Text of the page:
US pharmaceutical major Pfizer Inc on July 28 said that it would start an immunogenicity and safety study to evaluate the updated version of its new Covid-19 vaccine, which is targeted to fight against the Delta variant.
"We also plan to start an immunogenicity and safety study in August to evaluate an updated version of our vaccine specifically designed to target the Delta variant," Pfizer Inc said in a statement.
The pharma major also said that the highly contagious Delta variant now represents approximately 83 percent of sequenced cases in the US.
Pfizer had in the past said that it believes a third "booster" dose of its vaccine will be needed in the future. On Wednesday, the firm added that it may file for an emergency use authorisation for a potential booster dose as early as August.
Frequently Asked Questions
A vaccine works by mimicking a natural infection. A vaccine not only induces immune response to protect people from any future COVID-19 infection, but also helps quickly build herd immunity to put an end to the pandemic. Herd immunity occurs when a sufficient percentage of a population becomes immune to a disease, making the spread of disease from person to person unlikely. The good news is that SARS-CoV-2 virus has been fairly stable, which increases the viability of a vaccine.
There are broadly four types of vaccine — one, a vaccine based on the whole virus (this could be either inactivated, or an attenuated [weakened] virus vaccine); two, a non-replicating viral vector vaccine that uses a benign virus as vector that carries the antigen of SARS-CoV; three, nucleic-acid vaccines that have genetic material like DNA and RNA of antigens like spike protein given to a person, helping human cells decode genetic material and produce the vaccine; and four, protein subunit vaccine wherein the recombinant proteins of SARS-COV-2 along with an adjuvant (booster) is given as a vaccine.
Vaccine development is a long, complex process. Unlike drugs that are given to people with a diseased, vaccines are given to healthy people and also vulnerable sections such as children, pregnant women and the elderly. So rigorous tests are compulsory. History says that the fastest time it took to develop a vaccine is five years, but it usually takes double or sometimes triple that time.
"We continue to believe it is likely that a third dose booster may be needed within 6 to 12 months after full vaccination to maintain the highest levels of protection, and studies are underway to evaluate the safety and immunogenicity of a third dose," the company said.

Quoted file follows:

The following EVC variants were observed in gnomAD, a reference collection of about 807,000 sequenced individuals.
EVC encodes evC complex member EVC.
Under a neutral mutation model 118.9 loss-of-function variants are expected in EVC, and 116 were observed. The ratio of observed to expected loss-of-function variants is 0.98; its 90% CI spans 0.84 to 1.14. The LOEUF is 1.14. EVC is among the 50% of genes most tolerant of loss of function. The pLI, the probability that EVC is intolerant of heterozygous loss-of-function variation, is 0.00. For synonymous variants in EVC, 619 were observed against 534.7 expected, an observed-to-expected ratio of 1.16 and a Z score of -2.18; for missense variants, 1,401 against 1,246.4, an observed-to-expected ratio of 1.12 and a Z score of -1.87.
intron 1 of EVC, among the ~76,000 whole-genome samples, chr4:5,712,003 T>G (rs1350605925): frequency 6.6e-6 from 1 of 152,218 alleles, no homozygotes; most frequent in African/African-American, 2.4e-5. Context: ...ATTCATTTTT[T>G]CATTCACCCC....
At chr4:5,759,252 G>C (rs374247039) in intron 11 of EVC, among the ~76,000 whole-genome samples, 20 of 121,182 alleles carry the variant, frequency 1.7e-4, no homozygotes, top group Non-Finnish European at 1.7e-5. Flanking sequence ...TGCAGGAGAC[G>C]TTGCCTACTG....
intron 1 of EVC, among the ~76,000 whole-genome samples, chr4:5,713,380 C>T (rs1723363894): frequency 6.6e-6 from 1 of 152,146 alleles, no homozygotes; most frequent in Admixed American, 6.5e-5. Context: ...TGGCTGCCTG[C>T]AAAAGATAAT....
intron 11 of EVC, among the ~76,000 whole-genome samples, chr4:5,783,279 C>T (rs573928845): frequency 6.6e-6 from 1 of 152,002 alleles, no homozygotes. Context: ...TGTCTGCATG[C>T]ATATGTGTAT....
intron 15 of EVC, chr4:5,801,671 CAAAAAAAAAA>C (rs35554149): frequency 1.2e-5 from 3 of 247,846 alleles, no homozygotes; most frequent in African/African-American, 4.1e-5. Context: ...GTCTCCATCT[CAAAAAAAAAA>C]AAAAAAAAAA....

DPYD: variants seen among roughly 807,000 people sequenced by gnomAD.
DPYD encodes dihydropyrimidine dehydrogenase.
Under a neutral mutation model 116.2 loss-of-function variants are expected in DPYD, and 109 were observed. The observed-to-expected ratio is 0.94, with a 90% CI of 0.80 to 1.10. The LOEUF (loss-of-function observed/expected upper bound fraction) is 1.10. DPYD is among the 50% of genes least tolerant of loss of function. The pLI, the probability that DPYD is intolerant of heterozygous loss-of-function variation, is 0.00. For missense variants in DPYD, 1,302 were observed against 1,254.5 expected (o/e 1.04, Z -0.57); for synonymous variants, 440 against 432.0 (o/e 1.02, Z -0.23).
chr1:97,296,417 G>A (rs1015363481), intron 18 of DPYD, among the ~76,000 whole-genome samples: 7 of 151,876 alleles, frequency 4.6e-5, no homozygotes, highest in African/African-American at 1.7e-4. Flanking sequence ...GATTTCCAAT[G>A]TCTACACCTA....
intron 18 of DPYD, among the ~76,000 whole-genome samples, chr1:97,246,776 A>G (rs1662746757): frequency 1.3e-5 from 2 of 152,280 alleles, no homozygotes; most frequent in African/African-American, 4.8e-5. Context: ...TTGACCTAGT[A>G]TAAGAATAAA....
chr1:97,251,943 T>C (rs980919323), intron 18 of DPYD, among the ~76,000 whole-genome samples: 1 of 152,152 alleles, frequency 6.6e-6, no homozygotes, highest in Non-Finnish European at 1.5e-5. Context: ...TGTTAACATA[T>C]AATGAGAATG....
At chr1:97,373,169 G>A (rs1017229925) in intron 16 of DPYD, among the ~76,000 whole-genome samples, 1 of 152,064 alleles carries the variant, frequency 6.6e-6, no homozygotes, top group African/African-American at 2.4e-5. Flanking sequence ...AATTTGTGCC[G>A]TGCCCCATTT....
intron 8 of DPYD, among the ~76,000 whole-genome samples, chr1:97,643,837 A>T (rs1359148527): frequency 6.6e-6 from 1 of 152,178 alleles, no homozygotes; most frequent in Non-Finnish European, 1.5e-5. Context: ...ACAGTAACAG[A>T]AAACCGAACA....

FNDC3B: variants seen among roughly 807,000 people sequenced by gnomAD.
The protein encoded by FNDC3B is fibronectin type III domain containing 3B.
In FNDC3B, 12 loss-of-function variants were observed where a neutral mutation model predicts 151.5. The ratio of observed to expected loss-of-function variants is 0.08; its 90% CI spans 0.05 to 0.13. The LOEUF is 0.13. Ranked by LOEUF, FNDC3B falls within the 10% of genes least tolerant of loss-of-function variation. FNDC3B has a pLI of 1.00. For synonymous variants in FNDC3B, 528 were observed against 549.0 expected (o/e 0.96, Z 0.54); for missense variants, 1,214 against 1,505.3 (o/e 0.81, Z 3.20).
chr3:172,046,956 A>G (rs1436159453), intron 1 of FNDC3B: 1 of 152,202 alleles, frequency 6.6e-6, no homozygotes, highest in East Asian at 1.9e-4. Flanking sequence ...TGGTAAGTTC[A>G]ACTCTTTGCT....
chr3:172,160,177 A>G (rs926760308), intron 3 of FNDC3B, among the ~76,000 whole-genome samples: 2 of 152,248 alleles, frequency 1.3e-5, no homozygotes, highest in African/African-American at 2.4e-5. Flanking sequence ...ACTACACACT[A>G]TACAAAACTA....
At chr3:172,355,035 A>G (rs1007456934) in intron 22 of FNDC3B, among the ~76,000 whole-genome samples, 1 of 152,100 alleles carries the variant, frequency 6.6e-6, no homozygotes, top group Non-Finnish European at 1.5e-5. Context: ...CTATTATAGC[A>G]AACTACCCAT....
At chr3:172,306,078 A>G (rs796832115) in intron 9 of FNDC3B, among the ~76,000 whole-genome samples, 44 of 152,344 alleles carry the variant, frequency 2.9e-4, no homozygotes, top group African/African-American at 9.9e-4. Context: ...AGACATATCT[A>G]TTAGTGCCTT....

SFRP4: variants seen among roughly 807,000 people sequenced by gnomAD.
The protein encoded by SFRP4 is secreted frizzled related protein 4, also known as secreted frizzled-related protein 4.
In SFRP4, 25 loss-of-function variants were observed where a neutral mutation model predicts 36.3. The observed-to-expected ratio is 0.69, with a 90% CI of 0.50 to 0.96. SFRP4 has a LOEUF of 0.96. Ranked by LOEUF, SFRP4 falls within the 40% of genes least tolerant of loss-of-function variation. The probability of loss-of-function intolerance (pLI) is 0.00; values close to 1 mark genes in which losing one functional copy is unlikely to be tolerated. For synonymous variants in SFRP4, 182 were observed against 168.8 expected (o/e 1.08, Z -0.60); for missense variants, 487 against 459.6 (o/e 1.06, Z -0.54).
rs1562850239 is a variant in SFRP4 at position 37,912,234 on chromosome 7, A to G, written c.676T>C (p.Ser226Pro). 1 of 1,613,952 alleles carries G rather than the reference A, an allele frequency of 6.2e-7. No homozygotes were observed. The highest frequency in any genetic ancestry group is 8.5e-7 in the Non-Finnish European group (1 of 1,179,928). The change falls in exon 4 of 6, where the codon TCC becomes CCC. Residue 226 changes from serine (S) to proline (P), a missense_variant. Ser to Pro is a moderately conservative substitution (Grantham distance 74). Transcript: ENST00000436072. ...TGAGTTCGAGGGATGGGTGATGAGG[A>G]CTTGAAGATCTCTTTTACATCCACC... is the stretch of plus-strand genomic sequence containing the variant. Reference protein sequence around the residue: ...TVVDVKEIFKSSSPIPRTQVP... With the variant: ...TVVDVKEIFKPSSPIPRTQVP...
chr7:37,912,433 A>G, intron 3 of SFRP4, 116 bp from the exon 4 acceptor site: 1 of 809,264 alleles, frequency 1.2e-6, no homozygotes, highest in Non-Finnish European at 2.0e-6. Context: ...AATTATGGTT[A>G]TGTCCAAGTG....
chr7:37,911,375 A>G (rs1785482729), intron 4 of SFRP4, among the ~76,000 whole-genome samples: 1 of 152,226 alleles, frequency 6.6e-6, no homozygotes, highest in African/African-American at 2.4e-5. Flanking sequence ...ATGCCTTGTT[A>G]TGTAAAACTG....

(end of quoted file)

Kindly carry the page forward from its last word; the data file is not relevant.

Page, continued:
Pfizer and BioNTech initiated a Phase 2/3 study in June 2021 to further evaluate the safety, tolerability and immunogenicity of BNT162b2 -- COVID-19 vaccine -- in preventing COVID-19 in healthy children between the ages of 6 months and 11 years.
Mentioning an update on the ongoing Phase 1/2/3 booster trial of a third dose of the current BNT162b2 vaccine, Pfizer said, "Initial safety and immunogenicity data from the study demonstrate that a booster dose given at least 6 months after the second dose has a consistent tolerability profile while eliciting high neutralization titers against the wild type and the Beta (B.1.351) variant, which are 5 to 10 times higher than after two primary doses."
"The companies expect to have the safety and immunogenicity data that could potentially support an Emergency Use Authorisation (EUA) for use in children aged 5 to 11 years old, if such an EUA is deemed necessary, by the end of September. The full dataset from this study, which will be required to support licensure in this age group, is expected by the end of 2021. Similar data packages will be submitted shortly thereafter to support EUA and licensure in children 6 months to 5 years of age," Pfizer added in its quarterly earnings update on July 28.
The pharma firm -- in its quarterly earnings update -- has raised its full-year revenue projections for its coronavirus vaccine by almost a third, following its vaccine helped it to almost double its sales in the second quarter.
Pfizer upgraded its 2021 revenue forecast for the COVID-19 vaccine shot to $33.5 billion from the $26 billion it had predicted in the previous quarter. It had generated direct sales of $7.8 billion from the vaccine in the second quarter.